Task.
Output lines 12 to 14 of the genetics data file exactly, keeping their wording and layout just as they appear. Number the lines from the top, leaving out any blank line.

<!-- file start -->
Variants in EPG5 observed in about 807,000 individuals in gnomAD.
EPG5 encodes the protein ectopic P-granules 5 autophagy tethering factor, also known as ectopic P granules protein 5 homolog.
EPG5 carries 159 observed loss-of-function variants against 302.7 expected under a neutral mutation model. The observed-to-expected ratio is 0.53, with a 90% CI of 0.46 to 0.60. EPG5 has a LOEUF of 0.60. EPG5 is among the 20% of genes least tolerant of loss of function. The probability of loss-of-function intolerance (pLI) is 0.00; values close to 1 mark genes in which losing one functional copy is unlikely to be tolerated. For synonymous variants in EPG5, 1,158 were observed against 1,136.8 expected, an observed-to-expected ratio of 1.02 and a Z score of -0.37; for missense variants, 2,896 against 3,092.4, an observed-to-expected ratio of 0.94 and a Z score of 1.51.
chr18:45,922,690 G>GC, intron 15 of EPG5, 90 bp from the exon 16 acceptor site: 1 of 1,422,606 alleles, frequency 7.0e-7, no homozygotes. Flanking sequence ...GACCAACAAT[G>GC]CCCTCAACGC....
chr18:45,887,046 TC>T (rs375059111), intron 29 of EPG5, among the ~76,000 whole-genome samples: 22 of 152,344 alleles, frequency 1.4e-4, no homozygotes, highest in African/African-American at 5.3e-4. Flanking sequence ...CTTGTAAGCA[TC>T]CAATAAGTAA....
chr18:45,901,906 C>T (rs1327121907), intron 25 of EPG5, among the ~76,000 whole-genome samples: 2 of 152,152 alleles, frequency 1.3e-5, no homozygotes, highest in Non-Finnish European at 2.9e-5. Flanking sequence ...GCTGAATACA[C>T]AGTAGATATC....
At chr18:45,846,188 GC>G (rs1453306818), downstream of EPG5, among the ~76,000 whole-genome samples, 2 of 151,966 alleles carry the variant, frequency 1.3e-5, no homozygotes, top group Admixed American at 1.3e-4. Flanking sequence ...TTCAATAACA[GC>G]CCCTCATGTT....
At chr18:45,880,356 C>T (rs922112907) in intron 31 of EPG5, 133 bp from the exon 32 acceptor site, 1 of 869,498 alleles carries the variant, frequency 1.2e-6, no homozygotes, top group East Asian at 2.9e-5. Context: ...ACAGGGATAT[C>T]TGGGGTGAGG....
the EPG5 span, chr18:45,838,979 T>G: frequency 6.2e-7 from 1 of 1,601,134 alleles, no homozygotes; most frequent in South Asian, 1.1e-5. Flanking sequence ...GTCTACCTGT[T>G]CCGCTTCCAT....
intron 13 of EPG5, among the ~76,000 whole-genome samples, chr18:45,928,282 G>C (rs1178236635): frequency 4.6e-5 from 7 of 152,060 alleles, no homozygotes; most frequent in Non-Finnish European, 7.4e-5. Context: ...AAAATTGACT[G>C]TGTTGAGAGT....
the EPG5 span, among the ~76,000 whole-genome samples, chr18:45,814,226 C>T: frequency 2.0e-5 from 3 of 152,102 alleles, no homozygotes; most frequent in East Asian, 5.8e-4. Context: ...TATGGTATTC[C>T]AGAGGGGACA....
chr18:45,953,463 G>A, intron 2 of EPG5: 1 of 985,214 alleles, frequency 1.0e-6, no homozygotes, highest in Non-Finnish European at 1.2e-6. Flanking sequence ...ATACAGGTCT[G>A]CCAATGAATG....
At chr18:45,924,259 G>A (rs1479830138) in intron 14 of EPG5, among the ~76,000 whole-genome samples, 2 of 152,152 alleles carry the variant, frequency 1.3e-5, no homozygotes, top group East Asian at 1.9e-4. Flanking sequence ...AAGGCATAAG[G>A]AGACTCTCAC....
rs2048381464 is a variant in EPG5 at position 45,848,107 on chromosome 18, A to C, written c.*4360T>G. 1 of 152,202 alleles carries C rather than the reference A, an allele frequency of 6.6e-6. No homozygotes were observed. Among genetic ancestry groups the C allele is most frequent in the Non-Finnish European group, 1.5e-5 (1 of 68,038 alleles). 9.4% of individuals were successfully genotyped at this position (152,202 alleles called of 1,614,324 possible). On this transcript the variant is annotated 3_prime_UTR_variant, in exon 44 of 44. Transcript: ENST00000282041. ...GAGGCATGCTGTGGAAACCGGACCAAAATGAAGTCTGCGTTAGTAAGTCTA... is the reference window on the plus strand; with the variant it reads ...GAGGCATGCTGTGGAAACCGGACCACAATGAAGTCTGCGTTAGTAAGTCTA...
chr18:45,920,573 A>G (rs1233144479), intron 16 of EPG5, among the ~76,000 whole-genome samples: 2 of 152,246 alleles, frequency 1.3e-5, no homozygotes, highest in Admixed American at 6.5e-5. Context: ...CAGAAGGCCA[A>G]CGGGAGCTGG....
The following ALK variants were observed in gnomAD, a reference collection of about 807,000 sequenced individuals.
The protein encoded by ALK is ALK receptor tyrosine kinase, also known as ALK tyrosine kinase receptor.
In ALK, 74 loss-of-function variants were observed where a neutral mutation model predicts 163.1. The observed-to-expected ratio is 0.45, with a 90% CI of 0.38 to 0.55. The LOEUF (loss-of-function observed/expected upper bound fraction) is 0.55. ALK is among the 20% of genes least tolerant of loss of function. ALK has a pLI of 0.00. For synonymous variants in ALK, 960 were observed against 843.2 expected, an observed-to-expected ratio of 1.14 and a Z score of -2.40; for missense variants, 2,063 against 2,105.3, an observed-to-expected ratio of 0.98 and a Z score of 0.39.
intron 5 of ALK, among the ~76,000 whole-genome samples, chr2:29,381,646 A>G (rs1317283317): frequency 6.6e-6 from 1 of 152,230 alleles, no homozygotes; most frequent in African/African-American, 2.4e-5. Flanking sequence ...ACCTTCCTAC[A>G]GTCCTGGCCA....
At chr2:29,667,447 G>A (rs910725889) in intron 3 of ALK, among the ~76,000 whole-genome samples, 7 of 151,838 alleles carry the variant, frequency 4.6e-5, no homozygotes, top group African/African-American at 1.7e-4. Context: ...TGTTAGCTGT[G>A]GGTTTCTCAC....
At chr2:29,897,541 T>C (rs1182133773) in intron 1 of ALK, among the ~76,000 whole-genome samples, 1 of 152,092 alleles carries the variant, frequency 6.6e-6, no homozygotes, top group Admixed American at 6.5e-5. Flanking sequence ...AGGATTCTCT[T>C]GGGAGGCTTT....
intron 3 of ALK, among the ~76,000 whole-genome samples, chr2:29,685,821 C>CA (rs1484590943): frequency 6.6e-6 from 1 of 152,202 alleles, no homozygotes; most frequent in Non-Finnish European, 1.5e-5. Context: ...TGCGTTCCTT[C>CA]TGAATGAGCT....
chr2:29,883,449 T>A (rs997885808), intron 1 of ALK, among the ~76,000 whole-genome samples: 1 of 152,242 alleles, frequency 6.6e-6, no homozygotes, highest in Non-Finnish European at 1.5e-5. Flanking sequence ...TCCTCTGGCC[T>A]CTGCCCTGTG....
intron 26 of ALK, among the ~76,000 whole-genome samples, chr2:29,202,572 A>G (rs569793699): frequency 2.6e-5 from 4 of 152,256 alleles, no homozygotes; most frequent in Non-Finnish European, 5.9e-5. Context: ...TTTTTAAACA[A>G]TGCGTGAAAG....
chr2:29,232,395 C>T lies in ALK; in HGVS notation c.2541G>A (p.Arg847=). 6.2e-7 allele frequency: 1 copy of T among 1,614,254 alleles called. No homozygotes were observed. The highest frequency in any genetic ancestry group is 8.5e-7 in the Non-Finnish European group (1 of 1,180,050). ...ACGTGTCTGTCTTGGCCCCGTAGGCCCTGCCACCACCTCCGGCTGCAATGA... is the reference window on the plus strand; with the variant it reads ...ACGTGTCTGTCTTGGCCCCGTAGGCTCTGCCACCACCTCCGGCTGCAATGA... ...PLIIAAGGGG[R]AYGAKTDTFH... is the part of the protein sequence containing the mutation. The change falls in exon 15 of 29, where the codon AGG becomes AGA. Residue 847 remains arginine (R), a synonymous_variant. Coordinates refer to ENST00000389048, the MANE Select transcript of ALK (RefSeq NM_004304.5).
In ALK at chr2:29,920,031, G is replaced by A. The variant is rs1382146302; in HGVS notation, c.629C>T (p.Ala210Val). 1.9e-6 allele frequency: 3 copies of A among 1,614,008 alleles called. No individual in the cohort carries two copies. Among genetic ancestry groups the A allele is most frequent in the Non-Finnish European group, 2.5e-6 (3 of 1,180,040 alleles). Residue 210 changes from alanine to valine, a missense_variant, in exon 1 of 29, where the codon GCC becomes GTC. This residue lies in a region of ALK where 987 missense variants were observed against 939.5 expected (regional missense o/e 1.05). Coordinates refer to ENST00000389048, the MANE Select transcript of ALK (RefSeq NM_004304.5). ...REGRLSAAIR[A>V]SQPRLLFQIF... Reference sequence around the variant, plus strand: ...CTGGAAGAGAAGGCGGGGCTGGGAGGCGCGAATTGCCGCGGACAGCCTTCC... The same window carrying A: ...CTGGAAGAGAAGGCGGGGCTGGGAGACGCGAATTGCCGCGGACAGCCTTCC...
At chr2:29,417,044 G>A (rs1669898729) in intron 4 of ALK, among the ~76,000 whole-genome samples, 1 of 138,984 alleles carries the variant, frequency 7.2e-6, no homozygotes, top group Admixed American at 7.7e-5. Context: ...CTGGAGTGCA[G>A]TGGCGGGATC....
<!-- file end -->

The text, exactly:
chr18:45,953,463 G>A, intron 2 of EPG5: 1 of 985,214 alleles, frequency 1.0e-6, no homozygotes, highest in Non-Finnish European at 1.2e-6. Flanking sequence ...ATACAGGTCT[G>A]CCAATGAATG....
At chr18:45,924,259 G>A (rs1479830138) in intron 14 of EPG5, among the ~76,000 whole-genome samples, 2 of 152,152 alleles carry the variant, frequency 1.3e-5, no homozygotes, top group East Asian at 1.9e-4. Flanking sequence ...AAGGCATAAG[G>A]AGACTCTCAC....
rs2048381464 is a variant in EPG5 at position 45,848,107 on chromosome 18, A to C, written c.*4360T>G. 1 of 152,202 alleles carries C rather than the reference A, an allele frequency of 6.6e-6. No homozygotes were observed. Among genetic ancestry groups the C allele is most frequent in the Non-Finnish European group, 1.5e-5 (1 of 68,038 alleles). 9.4% of individuals were successfully genotyped at this position (152,202 alleles called of 1,614,324 possible). On this transcript the variant is annotated 3_prime_UTR_variant, in exon 44 of 44. Transcript: ENST00000282041. ...GAGGCATGCTGTGGAAACCGGACCAAAATGAAGTCTGCGTTAGTAAGTCTA... is the reference window on the plus strand; with the variant it reads ...GAGGCATGCTGTGGAAACCGGACCACAATGAAGTCTGCGTTAGTAAGTCTA...